The three remaining Irish retail banks have abandoned plans to set up a mobile payments app that was designed to rival Revolut, after the project was hit by setbacks and drift in the three years since it was hatched.
“Synch Payments DAC, the Irish instant mobile account to account payments service, today announced that following a careful and considered review of its business plan, it has reached the difficult decision that it is no longer feasible to launch its payments app, Yippay, into the Irish market and Synch will cease operations,” said a spokeswoman for Synch.
“A combination of factors has contributed to an elongated time frame to launch which makes the original Synch proposition no longer viable.”
The country’s main banks decided in 2020 to set up Synch with the aim of establishing an instantaneous money-transfer mobile app. The move underscored at the time how Irish lenders were behind the curve in having the technology in place to join the Single European Payments Area (Sepa) instant payment system.
While the project had been subject to a series of setbacks in the past few years – amid issues over clearance from competition and financial regulators and the exit of one of its founding members, KBC Bank Ireland – the payments landscape has moved on.
The European Commission and European Central Bank (ECB) are currently pushing for the wider adoption across the euro zone of Sepa Instant, which currently only accounts for about 14 per cent of all conventional Sepa transfers.
Irish retail banks are “committed to and actively working on the rollout of SEPA Instant, the EU’s instant payments scheme, which seeks to allow consumers and businesses send and receive payments in euro across Europe in less than 10 seconds”, said a spokeswoman for Banking and Payments Federation Ireland (BPFI).
Political agreement was reached last week between the European Council and European Parliament on planned rules on instant payments. “This is a significant priority programme which has already been mobilised by BPFI members and it will result in universal instant payments across the EU which are affordable and more secure,” the spokeswoman added.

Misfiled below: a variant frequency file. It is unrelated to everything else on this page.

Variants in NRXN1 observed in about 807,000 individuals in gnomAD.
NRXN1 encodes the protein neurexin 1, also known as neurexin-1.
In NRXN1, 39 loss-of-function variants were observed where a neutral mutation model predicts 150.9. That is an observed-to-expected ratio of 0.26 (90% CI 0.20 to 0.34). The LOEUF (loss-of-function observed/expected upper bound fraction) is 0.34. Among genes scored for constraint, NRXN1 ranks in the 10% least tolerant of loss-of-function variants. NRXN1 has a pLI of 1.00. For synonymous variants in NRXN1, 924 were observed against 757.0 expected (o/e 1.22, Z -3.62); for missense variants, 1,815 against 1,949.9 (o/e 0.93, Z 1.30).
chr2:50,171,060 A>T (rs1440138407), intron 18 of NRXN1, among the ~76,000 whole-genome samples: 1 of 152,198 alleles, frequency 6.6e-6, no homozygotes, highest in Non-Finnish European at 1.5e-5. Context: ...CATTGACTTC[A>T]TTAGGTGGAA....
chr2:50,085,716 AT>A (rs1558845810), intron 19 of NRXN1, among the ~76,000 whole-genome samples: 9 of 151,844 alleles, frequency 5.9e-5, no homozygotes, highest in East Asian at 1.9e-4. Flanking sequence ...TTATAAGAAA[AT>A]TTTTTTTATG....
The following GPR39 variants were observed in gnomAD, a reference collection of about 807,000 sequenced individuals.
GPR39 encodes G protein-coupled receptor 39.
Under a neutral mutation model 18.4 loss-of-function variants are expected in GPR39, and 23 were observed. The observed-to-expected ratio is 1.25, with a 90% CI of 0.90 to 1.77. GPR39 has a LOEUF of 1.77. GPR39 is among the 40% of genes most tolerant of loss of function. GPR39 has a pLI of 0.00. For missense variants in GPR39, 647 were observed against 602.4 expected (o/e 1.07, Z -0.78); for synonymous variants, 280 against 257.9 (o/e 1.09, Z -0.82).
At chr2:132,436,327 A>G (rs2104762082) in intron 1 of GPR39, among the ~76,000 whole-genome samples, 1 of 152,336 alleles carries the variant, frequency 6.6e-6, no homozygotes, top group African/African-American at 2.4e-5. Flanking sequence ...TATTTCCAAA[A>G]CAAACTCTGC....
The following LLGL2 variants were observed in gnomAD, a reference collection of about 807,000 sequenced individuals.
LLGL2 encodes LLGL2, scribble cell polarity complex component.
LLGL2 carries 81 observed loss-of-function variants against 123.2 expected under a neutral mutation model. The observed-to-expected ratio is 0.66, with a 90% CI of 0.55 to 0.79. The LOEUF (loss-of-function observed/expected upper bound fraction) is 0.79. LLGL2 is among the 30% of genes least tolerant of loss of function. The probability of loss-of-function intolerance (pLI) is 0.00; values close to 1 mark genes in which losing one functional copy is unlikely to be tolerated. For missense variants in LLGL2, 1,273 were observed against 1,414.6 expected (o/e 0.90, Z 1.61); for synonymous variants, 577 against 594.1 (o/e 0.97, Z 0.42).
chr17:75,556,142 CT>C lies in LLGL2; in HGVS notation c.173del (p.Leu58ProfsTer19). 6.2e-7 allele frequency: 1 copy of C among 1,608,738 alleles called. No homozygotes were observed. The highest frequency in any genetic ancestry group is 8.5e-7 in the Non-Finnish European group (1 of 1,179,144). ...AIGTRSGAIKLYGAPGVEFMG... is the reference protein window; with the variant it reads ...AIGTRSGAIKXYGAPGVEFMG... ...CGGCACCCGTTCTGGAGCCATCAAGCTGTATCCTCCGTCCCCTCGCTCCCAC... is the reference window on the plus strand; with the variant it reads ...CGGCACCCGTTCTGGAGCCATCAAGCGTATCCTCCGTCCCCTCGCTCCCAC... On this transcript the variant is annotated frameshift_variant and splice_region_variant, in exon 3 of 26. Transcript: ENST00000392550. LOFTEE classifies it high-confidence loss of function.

Meanwhile, the ECB’s recent decision to proceed with the next phase of a plan to introduce a digital euro is also destined to shake up the industry, by enabling people in the euro zone to make electronic payments securely and free of charge. The ECB said last month it would start a two-year “preparation phase” for the digital euro on November 1st, in which it would finalise rules, choose its private-sector partners and do some “testing and experimentation”.
Synch hit an initial stumbling block in January 2021 after the Competition and Consumer Protection Commission pushed back the banks’ application to establish a joint venture, saying it was unable to determine from the initial filing whether the planned transaction was a merger or acquisition within the meaning of Irish competition laws.
A subsequent refiling of the plan ended up going through an in-depth competition investigation, before being approved with conditions in June 2022.
In July, the remaining shareholders in Synch, AIB, Bank of Ireland and PTSB, said that they had ben informed by the Central Bank that the business plan required authorisation as an account information service provider (AISP) and as a payment initiation service provider.
The banks subsequently went about exploring “alternative” options or business models to bring it to market without having to go through the onerous authorisation process with the Central Bank.